From the former British Union for the Abolition of Vivisection
journal AV Times (October 1970):
Talking point for St. Francis's day from an abridged address to the
commission for the Conservation of Nature of the Lutheran and Reformed
Churches of Alsace and Lorraine, by Chairman Robert Lehner
The simplicity of this hall will no longer surprise you when I remind
you that it is named after a man of simple outlook on life: Albert
Schweitzer to whose memory I wish to render homage by repeating to you
his last message to the world made on the occasion of the World
Anti-Vivisection Congress held in 1965, a little before his death.
This message represents the outcome of the evolution of his thought
on respect for life so far as animals are concerned. Various previous
citations attributed to him had already involved him in this subject. In
particular, in his speech delivered in 1952 in Paris before the Academy
of Moral and Political Sciences entitled "The Problem of Ethics in the
Evolution of Thought," he said:
"It is, then, incumbent upon each and every one of us to judge for
himself if it is ineluctably necessary to harm and to kill and if need
be we must find ourselves guilty. We must then seek forgiveness by never
missing an opportunity to help living creatures."
But his final message took on a less ambiguous approach. He says
"We must fight against the spirit of downright cruelty to animals.
Religion and philosophy are engrossed with problems involving our own
species but not with matters concerning animals who are susceptible to
the same suffering as ourselves. True human behaviour does not tolerate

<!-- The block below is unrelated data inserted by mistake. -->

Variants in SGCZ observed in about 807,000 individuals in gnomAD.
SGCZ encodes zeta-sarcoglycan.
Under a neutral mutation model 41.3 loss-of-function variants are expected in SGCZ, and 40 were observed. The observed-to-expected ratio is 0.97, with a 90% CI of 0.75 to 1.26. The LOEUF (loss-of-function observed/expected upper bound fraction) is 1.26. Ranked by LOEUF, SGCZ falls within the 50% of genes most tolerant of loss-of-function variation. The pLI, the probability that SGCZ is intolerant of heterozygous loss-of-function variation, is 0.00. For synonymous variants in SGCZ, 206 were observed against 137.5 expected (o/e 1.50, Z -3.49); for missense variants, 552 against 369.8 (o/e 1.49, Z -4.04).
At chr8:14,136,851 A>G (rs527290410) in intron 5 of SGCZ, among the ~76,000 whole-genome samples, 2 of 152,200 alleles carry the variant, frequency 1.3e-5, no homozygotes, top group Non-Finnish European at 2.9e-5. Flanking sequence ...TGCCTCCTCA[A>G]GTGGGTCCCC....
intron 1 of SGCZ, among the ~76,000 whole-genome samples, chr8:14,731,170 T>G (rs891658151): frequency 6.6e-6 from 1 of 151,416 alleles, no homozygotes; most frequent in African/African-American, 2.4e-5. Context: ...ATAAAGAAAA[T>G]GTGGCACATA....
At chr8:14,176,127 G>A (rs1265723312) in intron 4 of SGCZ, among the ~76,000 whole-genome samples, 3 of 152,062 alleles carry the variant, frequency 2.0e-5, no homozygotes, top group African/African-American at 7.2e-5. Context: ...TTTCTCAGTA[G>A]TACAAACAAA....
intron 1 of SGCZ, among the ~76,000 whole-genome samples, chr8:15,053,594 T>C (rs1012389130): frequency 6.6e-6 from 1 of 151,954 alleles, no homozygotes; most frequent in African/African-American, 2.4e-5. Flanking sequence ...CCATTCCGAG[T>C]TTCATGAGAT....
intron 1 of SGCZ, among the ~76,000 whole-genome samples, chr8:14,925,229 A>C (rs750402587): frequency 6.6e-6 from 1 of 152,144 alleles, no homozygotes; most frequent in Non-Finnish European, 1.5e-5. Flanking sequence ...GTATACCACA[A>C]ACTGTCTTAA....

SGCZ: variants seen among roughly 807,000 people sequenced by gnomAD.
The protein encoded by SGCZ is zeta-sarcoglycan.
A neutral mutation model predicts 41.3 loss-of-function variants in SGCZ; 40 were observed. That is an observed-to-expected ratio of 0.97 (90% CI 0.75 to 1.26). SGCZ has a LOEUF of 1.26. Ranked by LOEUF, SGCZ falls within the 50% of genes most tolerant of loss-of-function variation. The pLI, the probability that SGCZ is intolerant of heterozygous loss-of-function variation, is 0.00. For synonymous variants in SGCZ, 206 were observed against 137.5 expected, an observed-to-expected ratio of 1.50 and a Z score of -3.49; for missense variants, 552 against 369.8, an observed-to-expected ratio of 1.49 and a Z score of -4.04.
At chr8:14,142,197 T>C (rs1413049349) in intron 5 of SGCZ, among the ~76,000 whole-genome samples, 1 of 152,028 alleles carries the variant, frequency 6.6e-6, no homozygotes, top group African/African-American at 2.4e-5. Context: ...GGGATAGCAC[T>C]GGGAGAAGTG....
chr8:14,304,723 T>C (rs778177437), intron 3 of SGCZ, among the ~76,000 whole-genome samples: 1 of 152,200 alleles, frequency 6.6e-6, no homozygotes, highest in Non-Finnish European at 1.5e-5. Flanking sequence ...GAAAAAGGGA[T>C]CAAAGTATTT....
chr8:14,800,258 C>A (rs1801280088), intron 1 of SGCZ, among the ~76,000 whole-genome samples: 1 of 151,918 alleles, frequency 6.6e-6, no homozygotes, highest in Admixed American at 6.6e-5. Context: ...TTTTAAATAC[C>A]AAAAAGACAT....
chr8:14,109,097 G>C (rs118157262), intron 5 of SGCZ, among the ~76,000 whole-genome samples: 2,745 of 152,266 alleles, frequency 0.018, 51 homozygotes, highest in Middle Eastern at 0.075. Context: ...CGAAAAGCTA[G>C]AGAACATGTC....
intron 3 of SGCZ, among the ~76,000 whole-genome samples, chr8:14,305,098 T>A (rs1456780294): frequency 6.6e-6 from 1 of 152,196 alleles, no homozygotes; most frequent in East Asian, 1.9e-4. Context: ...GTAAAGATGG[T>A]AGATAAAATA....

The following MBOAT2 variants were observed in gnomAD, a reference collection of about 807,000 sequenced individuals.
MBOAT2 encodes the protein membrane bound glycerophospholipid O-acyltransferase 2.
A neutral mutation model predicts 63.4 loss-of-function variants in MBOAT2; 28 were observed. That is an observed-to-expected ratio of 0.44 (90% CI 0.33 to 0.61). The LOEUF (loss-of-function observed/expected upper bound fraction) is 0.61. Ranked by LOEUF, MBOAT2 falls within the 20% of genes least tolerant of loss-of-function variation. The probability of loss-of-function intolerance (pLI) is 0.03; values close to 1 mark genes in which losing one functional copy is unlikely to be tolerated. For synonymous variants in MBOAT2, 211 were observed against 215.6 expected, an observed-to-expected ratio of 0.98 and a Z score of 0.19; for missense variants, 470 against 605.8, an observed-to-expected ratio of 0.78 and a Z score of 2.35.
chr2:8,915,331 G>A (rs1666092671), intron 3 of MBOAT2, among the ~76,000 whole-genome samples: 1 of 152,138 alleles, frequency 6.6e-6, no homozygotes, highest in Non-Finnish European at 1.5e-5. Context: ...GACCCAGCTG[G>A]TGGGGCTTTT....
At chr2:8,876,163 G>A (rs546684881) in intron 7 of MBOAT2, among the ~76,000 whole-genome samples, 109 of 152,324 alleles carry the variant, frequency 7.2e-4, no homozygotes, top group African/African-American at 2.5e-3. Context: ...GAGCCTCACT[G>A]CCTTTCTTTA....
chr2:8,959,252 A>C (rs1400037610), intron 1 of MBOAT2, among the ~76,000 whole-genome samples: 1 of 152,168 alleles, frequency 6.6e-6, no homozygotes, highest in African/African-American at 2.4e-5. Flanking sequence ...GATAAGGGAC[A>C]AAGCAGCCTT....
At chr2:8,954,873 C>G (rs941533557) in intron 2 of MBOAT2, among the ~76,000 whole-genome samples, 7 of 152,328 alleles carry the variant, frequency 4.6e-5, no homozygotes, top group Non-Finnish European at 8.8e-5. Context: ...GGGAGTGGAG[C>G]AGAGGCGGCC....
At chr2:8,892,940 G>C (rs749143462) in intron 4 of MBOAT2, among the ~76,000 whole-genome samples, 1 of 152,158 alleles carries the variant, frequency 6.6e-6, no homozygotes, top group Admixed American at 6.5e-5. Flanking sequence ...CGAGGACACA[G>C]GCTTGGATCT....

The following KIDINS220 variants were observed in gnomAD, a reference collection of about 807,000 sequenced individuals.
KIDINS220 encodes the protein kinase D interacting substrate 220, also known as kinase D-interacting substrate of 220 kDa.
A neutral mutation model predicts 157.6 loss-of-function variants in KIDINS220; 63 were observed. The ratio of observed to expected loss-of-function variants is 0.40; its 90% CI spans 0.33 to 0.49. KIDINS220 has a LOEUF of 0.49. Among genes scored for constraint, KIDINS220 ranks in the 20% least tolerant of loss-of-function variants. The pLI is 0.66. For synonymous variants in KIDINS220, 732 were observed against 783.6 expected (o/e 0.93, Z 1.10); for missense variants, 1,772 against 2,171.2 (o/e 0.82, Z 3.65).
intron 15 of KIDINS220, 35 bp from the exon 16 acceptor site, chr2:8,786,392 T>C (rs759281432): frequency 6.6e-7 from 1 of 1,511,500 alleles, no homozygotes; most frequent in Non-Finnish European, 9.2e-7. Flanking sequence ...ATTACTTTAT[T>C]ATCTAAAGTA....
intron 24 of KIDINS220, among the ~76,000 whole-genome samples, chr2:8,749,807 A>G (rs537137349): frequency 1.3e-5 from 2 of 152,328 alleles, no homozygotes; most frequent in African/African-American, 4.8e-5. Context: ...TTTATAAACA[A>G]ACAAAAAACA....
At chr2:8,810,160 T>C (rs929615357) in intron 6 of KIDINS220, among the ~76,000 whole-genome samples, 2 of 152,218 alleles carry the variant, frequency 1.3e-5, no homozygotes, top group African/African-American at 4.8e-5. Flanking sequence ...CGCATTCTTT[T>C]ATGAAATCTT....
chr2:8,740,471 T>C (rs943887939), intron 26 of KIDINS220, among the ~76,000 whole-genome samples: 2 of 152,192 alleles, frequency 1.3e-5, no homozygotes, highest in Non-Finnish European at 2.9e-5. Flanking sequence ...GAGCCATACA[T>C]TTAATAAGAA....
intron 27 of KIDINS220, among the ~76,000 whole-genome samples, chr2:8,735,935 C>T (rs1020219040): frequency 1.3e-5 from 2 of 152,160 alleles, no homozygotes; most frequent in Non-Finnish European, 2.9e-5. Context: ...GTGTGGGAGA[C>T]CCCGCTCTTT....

experiments on animals.
"Somewhat belatedly we have come to realize that this problem exists.
It is up to us to create in the world a new line of thought and to
undertake seriously a duty which has been hitherto overlooked."
To justify his actions as much as to satisfy himself the vivisector
has found a screen behind which to shelter. 'The interests of Science,'
'the welfare of humanity' are slogans inscribed on the outside face of
the screen which is side shown to the public. But this does not, in any
way disperse his feeling of guilt. The best proof of this is the fact
that all vivisection is hidden from view.
It is carried out behind closed doors. The laboratory personnel are
asked not to say anything outside about what they see every day. There
is a conspiracy of silence that unites all vivisectors. That, indeed, is
why the public remains in ignorance both regarding the extent of
vivisection and the sufferings that arise therefrom.
Even Claude Bernard, the superb torturer of so many animals -
especially dogs - whose cold intelligence, clear writing and manual
dexterity cannot be denied was not at ease with his conscience. His
publications,, and especially his posthumous publications are stuffed
with passages where his exaggerated expressions reveal gloomy misgivings
in his innermost depths where the divine spark sparkles.
Such is the case when he speaks of "Joyful excitement that is
provoked in the researchers in a vivisectional operation." It is the
same when categorically and passionately he attaches himself to the
negation of dualism between matter and the life which animates it. He
declares that there is only one kind of matter that can be seized upon
It is still the same when he jauntily tries to put on a pleasant tone
with "You can see that the laboratories are rendered no less valuable by